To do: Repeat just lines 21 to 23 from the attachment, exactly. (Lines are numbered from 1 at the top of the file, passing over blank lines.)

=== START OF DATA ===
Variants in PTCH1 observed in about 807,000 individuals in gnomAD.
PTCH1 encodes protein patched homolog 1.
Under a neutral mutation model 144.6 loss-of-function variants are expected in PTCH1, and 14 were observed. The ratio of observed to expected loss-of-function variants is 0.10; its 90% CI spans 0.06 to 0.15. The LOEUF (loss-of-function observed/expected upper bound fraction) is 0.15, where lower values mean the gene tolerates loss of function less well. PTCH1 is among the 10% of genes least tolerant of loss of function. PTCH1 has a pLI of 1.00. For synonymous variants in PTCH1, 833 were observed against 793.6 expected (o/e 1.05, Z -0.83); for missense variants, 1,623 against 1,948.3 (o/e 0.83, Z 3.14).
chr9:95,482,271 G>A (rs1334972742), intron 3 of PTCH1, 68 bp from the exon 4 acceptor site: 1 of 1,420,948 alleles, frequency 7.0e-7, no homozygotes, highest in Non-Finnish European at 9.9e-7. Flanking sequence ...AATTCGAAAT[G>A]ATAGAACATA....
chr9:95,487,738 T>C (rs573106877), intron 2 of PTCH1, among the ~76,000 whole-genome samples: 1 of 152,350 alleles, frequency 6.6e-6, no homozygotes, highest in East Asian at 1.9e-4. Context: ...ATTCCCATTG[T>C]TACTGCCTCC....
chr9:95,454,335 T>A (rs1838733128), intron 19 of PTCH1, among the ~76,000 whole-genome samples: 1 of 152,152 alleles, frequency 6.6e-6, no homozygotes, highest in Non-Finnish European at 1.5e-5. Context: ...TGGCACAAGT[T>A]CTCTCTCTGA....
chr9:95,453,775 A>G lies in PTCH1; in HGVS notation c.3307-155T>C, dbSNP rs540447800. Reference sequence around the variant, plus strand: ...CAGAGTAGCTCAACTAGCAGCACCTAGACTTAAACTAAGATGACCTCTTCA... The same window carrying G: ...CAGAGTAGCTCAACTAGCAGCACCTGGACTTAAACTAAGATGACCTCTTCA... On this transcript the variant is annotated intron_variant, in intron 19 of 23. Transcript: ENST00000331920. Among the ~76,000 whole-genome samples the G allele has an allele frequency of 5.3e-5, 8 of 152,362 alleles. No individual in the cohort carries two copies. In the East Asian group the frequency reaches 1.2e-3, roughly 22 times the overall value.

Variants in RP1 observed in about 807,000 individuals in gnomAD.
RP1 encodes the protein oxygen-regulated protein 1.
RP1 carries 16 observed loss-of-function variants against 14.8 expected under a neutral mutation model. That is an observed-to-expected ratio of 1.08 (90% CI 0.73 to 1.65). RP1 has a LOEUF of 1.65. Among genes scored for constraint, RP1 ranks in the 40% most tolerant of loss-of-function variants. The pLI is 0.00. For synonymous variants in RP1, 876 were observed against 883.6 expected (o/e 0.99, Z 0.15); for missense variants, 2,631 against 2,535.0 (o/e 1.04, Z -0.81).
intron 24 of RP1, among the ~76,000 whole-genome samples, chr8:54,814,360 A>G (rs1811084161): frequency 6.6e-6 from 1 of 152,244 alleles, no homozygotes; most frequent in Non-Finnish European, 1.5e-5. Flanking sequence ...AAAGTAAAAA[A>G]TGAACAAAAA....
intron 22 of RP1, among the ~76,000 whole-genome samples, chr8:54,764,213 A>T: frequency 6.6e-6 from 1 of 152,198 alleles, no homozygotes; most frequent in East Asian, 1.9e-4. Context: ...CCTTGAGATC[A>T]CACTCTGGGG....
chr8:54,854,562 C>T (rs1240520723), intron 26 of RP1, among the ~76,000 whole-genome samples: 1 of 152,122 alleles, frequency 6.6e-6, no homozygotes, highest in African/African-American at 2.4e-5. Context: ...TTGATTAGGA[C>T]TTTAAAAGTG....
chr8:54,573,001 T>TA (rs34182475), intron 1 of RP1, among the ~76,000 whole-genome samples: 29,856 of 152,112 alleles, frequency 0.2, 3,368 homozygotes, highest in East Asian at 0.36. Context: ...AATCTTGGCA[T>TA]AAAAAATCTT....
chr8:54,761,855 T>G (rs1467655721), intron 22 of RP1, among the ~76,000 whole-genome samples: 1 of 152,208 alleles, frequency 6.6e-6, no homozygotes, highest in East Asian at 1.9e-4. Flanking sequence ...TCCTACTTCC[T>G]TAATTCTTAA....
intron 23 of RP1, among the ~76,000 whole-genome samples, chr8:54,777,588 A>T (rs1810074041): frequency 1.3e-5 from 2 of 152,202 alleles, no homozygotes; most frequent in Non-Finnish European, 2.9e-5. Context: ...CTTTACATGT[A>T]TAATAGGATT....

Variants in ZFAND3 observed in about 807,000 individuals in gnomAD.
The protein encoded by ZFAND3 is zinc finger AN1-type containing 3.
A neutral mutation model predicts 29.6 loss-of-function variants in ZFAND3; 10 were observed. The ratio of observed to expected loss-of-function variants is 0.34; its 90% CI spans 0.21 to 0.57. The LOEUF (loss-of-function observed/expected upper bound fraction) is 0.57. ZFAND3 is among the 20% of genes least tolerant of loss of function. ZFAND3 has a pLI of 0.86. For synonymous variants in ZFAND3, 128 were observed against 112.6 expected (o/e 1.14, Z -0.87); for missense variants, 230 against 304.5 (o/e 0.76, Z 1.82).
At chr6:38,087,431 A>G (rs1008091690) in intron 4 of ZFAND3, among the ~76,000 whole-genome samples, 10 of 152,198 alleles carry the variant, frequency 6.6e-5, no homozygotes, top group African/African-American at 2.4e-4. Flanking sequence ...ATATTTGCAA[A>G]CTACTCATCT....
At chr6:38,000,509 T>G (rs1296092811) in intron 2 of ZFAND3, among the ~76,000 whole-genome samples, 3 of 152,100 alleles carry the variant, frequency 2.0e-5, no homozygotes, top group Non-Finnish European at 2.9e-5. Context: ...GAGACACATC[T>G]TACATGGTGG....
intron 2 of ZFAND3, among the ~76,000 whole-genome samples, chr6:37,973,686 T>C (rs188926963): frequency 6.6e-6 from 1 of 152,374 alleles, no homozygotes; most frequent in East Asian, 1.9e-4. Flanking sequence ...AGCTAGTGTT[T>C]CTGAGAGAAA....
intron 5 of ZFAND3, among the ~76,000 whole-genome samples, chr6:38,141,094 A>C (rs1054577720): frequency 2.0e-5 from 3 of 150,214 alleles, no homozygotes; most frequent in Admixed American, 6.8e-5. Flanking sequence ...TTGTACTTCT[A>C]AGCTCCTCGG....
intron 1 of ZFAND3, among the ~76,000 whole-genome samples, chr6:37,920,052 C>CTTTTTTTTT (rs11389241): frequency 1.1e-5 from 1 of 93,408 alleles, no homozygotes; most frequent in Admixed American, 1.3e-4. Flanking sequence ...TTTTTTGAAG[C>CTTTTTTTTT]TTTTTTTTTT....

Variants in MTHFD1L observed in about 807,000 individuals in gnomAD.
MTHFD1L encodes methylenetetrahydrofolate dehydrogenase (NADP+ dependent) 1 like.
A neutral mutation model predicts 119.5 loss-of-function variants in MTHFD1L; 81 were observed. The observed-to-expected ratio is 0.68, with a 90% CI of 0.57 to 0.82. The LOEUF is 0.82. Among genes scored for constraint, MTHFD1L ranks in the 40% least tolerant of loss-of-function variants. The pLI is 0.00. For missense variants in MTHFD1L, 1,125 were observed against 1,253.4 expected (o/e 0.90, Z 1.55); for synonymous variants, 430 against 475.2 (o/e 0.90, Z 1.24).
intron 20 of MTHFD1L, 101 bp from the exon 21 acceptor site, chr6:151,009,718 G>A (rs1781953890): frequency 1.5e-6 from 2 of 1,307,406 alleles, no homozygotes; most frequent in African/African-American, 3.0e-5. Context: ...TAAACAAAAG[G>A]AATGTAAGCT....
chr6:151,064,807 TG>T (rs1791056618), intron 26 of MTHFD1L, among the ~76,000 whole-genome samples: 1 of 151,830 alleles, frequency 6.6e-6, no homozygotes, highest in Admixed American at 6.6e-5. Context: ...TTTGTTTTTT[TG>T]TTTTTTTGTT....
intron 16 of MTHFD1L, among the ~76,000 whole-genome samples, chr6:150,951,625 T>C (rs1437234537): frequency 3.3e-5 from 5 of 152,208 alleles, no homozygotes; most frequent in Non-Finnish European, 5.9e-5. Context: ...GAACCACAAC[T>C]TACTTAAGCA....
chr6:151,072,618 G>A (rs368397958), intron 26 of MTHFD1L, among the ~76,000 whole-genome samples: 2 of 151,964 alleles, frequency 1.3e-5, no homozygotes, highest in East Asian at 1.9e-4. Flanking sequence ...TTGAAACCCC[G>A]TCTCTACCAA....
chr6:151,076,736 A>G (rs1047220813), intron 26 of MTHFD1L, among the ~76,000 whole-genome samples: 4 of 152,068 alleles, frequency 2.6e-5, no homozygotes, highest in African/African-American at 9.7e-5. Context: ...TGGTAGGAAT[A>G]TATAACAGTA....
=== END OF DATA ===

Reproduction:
At chr6:38,000,509 T>G (rs1296092811) in intron 2 of ZFAND3, among the ~76,000 whole-genome samples, 3 of 152,100 alleles carry the variant, frequency 2.0e-5, no homozygotes, top group Non-Finnish European at 2.9e-5. Context: ...GAGACACATC[T>G]TACATGGTGG....
intron 2 of ZFAND3, among the ~76,000 whole-genome samples, chr6:37,973,686 T>C (rs188926963): frequency 6.6e-6 from 1 of 152,374 alleles, no homozygotes; most frequent in East Asian, 1.9e-4. Flanking sequence ...AGCTAGTGTT[T>C]CTGAGAGAAA....
intron 5 of ZFAND3, among the ~76,000 whole-genome samples, chr6:38,141,094 A>C (rs1054577720): frequency 2.0e-5 from 3 of 150,214 alleles, no homozygotes; most frequent in Admixed American, 6.8e-5. Flanking sequence ...TTGTACTTCT[A>C]AGCTCCTCGG....